Saturday, November 17, 2012

going caveman

i’ve been adhering to the “paleo diet” since the beginning of november.

to eat more like my caveman ancestors, i’ve cut grains and potatoes and legumes and beans and peanuts and dairy from my diet.  i’ve quit eating the foods that were domesticated, farmed; that began appearing in the diets of humans only after the advent of farming.  this leaves meats, eggs, vegetables, fruit, nuts, and seeds.  the idea is to concentrate on a high protein, fatty diet and to consume carbohydrates in low levels in fruits and vegetables.

this strategy makes some sense to me for losing fat and gaining muscle.  furthermore the diet prohibits the intake of foods to which large numbers of humans have historically been allergic or intolerant, specifically wheat (gluten) and dairy.  i know personally i have problems drinking milk and it will interesting to see how giving up dairy (which i love) and wheat (i live on bread and cheese) will affect my body.  i know those with a gluten intolerance can see significant changes to their health and body after removing gluten from their diets.

what i like and find simultaneously ridiculous about the adherents of this “paleo diet” is the fluidity of the practice.  some practitioners add dairy back into their diets, or rice, or certain grain substitutes.  they analyze nutrient levels to absurd degrees, research to which cavemen would not have had access.  they romanticize our paleolithic ancestors as healthier, taller, more muscular - all attributed to their diets.  they praise unprocessed, organic food, then expound upon the use of powdered protein shakes for exercise, for bulking up, for building muscle.  i am writing they, but really i mean something of the opposite.  as a group they all eat a paleo diet, but each member of this community has adapted this general diet to his or her own needs or desires.  this exemplifies for me the flexibility of the human diet, the range of pleasure and satisfaction that can be derived from eating.  from a basic human diet, in this case referred to as a the paleo diet, humans have and can start at a basic nutritional point which can then be added to and modified to explore and enjoy a range of tastes.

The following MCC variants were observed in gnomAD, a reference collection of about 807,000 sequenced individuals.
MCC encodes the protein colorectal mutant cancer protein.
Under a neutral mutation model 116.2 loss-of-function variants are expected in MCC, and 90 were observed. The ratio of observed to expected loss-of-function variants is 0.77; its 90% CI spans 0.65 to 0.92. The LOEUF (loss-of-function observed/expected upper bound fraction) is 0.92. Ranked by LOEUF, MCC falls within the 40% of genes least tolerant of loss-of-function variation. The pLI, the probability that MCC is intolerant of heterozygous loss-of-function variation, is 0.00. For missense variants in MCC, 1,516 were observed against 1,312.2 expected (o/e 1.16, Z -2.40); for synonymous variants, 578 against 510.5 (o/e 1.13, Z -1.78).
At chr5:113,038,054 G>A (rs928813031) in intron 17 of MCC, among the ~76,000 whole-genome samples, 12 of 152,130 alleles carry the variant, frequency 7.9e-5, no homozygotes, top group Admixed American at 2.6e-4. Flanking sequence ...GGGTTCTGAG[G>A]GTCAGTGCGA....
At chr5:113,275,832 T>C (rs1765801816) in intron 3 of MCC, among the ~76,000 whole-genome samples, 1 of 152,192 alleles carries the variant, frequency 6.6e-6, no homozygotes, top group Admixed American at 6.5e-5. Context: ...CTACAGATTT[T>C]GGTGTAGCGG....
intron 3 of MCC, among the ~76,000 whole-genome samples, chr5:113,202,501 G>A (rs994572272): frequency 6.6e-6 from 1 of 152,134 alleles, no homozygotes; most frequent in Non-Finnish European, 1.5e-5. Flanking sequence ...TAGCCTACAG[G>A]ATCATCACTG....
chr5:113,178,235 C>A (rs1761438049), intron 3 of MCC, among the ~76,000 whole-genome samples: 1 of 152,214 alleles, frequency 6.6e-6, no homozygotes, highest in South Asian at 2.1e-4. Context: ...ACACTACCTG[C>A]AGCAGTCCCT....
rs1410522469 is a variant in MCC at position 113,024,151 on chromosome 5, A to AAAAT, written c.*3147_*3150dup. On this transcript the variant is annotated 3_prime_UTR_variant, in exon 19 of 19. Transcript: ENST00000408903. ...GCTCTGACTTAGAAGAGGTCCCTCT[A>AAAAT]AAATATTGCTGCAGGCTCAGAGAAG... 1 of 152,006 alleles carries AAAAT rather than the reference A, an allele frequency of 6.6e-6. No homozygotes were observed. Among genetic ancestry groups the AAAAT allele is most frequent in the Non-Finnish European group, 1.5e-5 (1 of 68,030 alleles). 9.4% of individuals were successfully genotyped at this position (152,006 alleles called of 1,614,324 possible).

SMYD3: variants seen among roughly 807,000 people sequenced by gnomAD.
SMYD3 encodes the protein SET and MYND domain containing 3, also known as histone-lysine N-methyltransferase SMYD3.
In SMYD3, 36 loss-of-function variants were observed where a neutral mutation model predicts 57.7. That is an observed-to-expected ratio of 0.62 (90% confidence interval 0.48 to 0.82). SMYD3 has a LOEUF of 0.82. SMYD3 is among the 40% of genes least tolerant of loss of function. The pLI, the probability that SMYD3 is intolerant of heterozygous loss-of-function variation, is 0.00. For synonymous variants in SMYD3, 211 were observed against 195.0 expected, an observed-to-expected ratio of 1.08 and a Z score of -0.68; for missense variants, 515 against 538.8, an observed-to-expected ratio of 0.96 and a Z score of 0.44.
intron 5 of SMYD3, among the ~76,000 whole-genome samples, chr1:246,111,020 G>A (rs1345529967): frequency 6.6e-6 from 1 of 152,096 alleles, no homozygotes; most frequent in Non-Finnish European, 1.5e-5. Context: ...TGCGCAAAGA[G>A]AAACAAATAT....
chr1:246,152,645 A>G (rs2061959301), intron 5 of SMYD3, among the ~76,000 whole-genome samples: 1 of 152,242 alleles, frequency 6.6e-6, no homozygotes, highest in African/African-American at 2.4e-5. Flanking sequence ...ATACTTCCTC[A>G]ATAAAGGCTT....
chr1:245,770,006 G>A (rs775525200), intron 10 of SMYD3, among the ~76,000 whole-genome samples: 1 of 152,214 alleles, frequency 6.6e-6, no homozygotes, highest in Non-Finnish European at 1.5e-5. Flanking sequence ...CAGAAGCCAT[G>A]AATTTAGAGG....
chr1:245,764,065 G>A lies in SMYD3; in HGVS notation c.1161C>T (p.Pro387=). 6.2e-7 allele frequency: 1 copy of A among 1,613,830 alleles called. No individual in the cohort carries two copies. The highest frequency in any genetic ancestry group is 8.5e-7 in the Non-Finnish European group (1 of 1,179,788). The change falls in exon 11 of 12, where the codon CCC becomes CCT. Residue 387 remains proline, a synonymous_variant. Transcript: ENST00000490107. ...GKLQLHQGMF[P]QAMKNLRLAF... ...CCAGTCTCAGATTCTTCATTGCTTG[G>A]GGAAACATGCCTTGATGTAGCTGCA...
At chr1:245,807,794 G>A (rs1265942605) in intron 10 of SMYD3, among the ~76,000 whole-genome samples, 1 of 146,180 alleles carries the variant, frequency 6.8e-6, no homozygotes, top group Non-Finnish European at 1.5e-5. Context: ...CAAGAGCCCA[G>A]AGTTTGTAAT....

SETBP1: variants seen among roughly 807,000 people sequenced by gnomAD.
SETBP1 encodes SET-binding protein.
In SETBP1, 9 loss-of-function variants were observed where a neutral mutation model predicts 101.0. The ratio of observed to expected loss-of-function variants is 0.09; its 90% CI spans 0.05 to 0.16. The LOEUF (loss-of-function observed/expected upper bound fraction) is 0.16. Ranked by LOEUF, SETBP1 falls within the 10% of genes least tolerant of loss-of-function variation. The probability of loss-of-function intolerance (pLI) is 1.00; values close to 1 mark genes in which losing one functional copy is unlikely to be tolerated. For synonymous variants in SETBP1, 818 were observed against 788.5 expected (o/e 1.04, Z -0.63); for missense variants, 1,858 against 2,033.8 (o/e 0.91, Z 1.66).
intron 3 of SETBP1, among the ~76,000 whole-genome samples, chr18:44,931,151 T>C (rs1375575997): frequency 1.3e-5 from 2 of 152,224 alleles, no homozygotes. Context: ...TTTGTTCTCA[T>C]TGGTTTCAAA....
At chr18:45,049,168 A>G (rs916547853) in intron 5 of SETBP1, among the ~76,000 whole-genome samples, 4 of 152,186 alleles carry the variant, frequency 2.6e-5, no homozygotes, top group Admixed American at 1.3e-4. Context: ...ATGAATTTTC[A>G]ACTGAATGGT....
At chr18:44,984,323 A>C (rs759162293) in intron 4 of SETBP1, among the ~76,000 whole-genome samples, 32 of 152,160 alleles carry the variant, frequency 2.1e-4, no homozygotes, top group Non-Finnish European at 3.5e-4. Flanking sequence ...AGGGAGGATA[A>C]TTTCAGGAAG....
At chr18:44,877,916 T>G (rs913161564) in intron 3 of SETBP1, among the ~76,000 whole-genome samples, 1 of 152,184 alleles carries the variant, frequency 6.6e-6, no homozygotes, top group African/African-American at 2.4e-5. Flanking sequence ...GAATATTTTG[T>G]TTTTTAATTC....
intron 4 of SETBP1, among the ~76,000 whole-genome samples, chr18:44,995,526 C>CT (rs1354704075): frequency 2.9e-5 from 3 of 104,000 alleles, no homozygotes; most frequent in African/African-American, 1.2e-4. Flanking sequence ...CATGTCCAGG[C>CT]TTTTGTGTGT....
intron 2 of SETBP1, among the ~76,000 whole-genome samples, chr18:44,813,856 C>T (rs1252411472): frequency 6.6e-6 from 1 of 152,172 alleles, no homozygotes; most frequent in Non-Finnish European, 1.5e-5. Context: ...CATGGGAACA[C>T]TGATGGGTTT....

on the quotidian level i am discovering that this pared down, conscious diet may promote and sustain for me a better health.

here at almost three weeks following this diet i want to believe i already feel healthier.  i understand this may be psychosomatic.  i have lost some weight, though i believe the diet will help me build muscle (if i can get my workout routine together.)  i cannot say that i have more energy.  when i started the diet i felt constantly hungry, while my body craved bread and rice and potatoes, protesting the sudden lack of carbohydrates.  these foods had been staples in my diet previously.  but i have adjusted to the change.  i no longer feel constantly hungry, but i think i have been eating more frequently, finding myself hungry more frequently.

i have been cheating.  once a week i may take myself out to eat.  mostly because at the weekend i find my house foodless meaning i need to go to the grocery store.  and i’ll be honest, sometimes i get lazy.  too lazy to make myself dinner.  and i meant to keep myself mostly sober during november.  i have been drinking a lot less than i had been this summer, but i haven’t fallen completely off the wagon.  i’m still on the wagon.

and i’ll eat thanksgiving dinner.  all the fixin’s.  everything.  it’s a holiday and this diet is not a religion.  it’s more like an experiment.

No comments: